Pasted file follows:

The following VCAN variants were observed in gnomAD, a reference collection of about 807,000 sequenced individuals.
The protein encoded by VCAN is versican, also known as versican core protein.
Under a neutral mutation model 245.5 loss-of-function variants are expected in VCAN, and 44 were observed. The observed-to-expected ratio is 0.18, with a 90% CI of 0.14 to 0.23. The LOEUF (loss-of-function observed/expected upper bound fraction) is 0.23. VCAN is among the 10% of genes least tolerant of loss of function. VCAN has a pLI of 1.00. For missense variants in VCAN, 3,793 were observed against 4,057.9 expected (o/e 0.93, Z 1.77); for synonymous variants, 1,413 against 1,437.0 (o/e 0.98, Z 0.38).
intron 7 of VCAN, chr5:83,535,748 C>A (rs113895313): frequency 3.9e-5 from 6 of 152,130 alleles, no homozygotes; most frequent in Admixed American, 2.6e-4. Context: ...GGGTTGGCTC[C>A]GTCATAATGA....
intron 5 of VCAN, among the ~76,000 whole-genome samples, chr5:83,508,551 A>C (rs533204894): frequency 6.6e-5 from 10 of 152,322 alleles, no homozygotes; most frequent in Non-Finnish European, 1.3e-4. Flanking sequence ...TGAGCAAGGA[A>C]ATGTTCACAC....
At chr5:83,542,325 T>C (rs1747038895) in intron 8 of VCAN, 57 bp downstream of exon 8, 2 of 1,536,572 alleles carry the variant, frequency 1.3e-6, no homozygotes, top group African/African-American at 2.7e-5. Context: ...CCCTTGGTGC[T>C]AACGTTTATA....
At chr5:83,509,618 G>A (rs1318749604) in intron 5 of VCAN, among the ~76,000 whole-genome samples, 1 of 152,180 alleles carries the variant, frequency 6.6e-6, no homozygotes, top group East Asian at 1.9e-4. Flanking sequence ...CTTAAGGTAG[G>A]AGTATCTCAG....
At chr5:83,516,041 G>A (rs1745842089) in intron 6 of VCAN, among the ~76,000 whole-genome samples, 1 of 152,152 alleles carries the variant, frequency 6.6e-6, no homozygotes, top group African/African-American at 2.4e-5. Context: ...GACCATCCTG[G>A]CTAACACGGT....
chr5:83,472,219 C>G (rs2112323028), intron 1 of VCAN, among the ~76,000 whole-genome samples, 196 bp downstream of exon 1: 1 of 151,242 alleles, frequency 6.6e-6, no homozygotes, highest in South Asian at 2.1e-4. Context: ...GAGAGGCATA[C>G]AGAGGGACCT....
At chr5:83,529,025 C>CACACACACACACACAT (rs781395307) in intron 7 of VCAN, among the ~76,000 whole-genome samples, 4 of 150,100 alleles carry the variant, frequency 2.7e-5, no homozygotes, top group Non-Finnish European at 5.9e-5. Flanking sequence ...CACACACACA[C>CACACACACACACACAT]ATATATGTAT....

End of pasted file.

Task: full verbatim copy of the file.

The following VCAN variants were observed in gnomAD, a reference collection of about 807,000 sequenced individuals.
The protein encoded by VCAN is versican, also known as versican core protein.
Under a neutral mutation model 245.5 loss-of-function variants are expected in VCAN, and 44 were observed. The observed-to-expected ratio is 0.18, with a 90% CI of 0.14 to 0.23. The LOEUF (loss-of-function observed/expected upper bound fraction) is 0.23. VCAN is among the 10% of genes least tolerant of loss of function. VCAN has a pLI of 1.00. For missense variants in VCAN, 3,793 were observed against 4,057.9 expected (o/e 0.93, Z 1.77); for synonymous variants, 1,413 against 1,437.0 (o/e 0.98, Z 0.38).
intron 7 of VCAN, chr5:83,535,748 C>A (rs113895313): frequency 3.9e-5 from 6 of 152,130 alleles, no homozygotes; most frequent in Admixed American, 2.6e-4. Context: ...GGGTTGGCTC[C>A]GTCATAATGA....
intron 5 of VCAN, among the ~76,000 whole-genome samples, chr5:83,508,551 A>C (rs533204894): frequency 6.6e-5 from 10 of 152,322 alleles, no homozygotes; most frequent in Non-Finnish European, 1.3e-4. Flanking sequence ...TGAGCAAGGA[A>C]ATGTTCACAC....
At chr5:83,542,325 T>C (rs1747038895) in intron 8 of VCAN, 57 bp downstream of exon 8, 2 of 1,536,572 alleles carry the variant, frequency 1.3e-6, no homozygotes, top group African/African-American at 2.7e-5. Context: ...CCCTTGGTGC[T>C]AACGTTTATA....
At chr5:83,509,618 G>A (rs1318749604) in intron 5 of VCAN, among the ~76,000 whole-genome samples, 1 of 152,180 alleles carries the variant, frequency 6.6e-6, no homozygotes, top group East Asian at 1.9e-4. Flanking sequence ...CTTAAGGTAG[G>A]AGTATCTCAG....
At chr5:83,516,041 G>A (rs1745842089) in intron 6 of VCAN, among the ~76,000 whole-genome samples, 1 of 152,152 alleles carries the variant, frequency 6.6e-6, no homozygotes, top group African/African-American at 2.4e-5. Context: ...GACCATCCTG[G>A]CTAACACGGT....
chr5:83,472,219 C>G (rs2112323028), intron 1 of VCAN, among the ~76,000 whole-genome samples, 196 bp downstream of exon 1: 1 of 151,242 alleles, frequency 6.6e-6, no homozygotes, highest in South Asian at 2.1e-4. Context: ...GAGAGGCATA[C>G]AGAGGGACCT....
At chr5:83,529,025 C>CACACACACACACACAT (rs781395307) in intron 7 of VCAN, among the ~76,000 whole-genome samples, 4 of 150,100 alleles carry the variant, frequency 2.7e-5, no homozygotes, top group Non-Finnish European at 5.9e-5. Flanking sequence ...CACACACACA[C>CACACACACACACACAT]ATATATGTAT....